KUCHING: Datuk Patinggi Tan Sri Adenan Satem may just scrap the state’s plan to build more mega hydroelectric dams in the state after listening to experts on alternative energy sources on Saturday.
A delegation comprising Renewable and Appropriate Energy Laboratory (RAEL) director Prof Dr Daniel M Kammen, Green Empowerment Borneo Programme manager Gabriel Wynn, Save Sarawak Rivers Network chairman Peter Kallang and Batu Lintang assemblyman See Chee How briefed the chief minister at his residence here.
After the one-hour meeting, which included a presentation by Kammen on the benefits of using renewable energy such as solar, wind, sustainable biomass and micro-hydro in place of mega hydro-dams, the delegation had a feeling the Adenan administration would ‘seriously rethink’ its policy to build more mega dams.
See said the briefing had enabled Adenan to hear the ‘other side of the story’, rather than just depending on what Sarawak Energy Bhd (SEB) had to say.
“We gave him (Adenan) the authority to reconsider since he has heard from SEB with all their energy projections.
“We gave him an alternative, with studies showing him that the state does not need that kind of energy. You have Bakun HEP (hydroelectricity project) that is there for so long, but you’re only using half of its capacity.
“Of course, now with all these alternatives, which come in with graphic projections indicating what the state needs to meet demand for the next few decades, it is now clear we can actually use alternative renewable energy sources to replace all these big dams,” he told a press conference at a hotel here yesterday.
See added that the briefing on Saturday enabled Adenan to have a better picture of the whole situation, adding that the chief minister even asked Dr Kammen and Green Empowerment to submit a proposal and options of renewable energy (sources) that were practical for the state.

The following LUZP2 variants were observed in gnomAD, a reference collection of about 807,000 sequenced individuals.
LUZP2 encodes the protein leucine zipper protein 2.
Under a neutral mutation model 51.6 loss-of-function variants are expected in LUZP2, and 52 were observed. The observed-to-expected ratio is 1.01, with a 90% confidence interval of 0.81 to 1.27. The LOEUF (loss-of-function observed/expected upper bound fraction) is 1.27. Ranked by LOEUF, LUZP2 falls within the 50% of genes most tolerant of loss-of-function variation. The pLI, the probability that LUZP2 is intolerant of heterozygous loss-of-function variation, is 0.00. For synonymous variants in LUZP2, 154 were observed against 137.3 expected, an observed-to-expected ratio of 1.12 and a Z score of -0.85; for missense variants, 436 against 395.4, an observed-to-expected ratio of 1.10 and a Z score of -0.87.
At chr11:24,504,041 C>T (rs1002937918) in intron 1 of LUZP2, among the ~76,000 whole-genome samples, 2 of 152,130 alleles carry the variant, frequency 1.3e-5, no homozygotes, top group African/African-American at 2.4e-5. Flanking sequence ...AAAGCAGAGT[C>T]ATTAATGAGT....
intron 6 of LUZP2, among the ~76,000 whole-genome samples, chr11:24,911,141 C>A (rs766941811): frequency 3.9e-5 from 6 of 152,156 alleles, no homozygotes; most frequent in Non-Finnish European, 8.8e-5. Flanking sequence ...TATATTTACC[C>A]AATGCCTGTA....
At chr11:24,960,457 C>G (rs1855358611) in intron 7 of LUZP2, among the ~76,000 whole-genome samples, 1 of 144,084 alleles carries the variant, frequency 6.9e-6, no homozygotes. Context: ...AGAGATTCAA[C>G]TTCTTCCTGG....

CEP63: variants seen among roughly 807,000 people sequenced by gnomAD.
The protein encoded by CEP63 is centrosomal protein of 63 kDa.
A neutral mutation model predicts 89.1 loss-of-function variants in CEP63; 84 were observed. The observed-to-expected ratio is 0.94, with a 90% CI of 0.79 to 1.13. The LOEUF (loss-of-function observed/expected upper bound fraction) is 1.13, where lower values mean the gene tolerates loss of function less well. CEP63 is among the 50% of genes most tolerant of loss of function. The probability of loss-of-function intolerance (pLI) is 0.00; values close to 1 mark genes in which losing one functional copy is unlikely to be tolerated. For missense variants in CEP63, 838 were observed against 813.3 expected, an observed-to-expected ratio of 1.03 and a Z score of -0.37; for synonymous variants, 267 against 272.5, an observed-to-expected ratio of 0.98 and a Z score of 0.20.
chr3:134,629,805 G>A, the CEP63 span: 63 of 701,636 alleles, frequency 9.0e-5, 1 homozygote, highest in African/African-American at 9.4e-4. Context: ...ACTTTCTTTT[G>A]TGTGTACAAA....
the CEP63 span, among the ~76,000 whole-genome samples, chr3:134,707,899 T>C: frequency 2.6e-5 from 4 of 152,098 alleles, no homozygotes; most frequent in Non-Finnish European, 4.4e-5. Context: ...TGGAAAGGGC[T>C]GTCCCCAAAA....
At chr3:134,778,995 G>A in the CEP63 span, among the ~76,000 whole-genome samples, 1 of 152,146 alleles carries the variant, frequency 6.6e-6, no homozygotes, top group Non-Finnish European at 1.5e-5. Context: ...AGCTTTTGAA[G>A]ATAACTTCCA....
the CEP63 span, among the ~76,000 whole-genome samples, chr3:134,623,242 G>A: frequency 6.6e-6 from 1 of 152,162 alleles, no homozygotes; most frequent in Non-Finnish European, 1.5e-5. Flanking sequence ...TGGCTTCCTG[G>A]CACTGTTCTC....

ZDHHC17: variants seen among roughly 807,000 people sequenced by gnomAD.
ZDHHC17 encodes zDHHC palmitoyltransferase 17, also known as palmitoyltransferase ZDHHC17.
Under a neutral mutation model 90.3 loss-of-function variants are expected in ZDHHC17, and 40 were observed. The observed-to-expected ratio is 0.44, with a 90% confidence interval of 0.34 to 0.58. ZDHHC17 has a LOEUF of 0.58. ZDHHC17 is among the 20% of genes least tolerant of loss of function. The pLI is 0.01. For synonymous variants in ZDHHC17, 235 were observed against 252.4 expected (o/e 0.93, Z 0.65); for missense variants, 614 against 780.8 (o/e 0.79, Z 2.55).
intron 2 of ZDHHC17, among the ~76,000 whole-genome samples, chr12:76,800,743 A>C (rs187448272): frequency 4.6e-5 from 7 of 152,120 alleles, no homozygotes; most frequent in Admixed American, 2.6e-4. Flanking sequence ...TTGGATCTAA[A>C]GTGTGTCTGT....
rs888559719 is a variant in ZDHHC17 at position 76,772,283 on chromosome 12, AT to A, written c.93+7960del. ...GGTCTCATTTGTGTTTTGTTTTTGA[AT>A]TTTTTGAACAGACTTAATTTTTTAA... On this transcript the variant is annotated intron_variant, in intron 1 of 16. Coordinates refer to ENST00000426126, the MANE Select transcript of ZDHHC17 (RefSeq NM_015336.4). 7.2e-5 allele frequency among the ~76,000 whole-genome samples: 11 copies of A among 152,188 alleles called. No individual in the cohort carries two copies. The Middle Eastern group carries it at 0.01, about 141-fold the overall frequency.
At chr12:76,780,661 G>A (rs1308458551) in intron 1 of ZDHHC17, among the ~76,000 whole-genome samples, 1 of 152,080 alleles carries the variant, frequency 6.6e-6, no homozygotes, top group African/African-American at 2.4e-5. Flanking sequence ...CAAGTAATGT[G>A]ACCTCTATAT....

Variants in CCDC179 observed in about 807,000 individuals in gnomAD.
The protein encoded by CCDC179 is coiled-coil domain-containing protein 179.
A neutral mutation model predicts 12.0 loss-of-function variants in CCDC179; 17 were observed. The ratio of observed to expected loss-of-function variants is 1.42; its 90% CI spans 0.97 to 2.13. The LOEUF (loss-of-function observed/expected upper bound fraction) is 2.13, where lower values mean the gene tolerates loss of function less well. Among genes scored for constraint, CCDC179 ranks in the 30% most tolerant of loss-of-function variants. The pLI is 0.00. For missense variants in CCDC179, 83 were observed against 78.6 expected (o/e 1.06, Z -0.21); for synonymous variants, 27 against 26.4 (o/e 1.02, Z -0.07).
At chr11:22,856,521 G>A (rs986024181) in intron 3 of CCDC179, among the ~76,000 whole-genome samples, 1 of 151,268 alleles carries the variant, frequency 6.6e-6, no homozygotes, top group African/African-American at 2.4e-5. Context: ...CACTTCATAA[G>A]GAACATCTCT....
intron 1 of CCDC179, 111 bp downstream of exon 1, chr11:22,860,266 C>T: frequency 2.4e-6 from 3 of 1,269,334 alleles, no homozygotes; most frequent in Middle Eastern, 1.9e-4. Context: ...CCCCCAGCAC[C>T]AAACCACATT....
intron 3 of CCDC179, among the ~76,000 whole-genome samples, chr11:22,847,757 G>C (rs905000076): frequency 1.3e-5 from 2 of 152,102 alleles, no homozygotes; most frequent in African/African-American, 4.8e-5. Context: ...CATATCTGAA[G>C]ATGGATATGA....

“They (Kammen and Green Empowerment) will do it very soon because they have everything (all the information) in the three reports that they have come out with based on studies. They have most of the things there – it’s just a matter of modifying them and giving the proposal to the chief minister.”
In his view as a non-Sarawakian, Kammen said the meeting with Adenan was ‘most interesting’ because a ‘very friendly discussion’ was held on the opportunities, benefits and costs of clean energy.
“In fact, we have been asked by the government to prepare a proposal – maybe to start off with some pilot villages or to visit some of the projects that are already in Sarawak or Sabah.
“I worked in Eastern Africa where last year, more people were connected to the grid with mini grids and off-grid products than by grid extensions,” said the professor, who is Class of 1935 ‘Distinguished Professor of Energy’ at the University of California in Berkeley.
Meanwhile, Kallang claimed Adenan told the delegation that the newspapers had misquoted him for stating he had given the ‘go-ahead’ with regard to the construction of Baram dam during a gathering of community leaders in Miri recently.
“He (Adenan) was consulting the community leaders, but lots of people there were not even from Baram. The majority of members of the Federation of Orang Ulu Malaysia (Forum) – the organiser of the event – are from Belaga, Limbang and Bario, with very few from Baram.
“They had nothing to lose, (which was why) they stood up and gave their support (for Baram Dam).”
Kallang also took the opportunity to submit to Adenan the anti-Baram Dam petition signed by more than 8,000 people who were affected by the project, and Kallang claimed Adenan responded ‘very positively’.
He said Adenan also gave his word to visit Baram after Hari Raya Aidilfitri.
“I asked him (Adenan) to visit the Baram people. Don’t just listen to community leaders because at the moment, the chief minister is only being fed with feedback by the community leaders. They are not representing all, they are only representing themselves.”
Kallang said Adenan was very receptive to the ideas raised during the Saturday presentation because he (Adenan) sympathised with the rural people.
“He (Adenan) told us: ‘I don’t care what but let there be light (in all the rural areas)’.”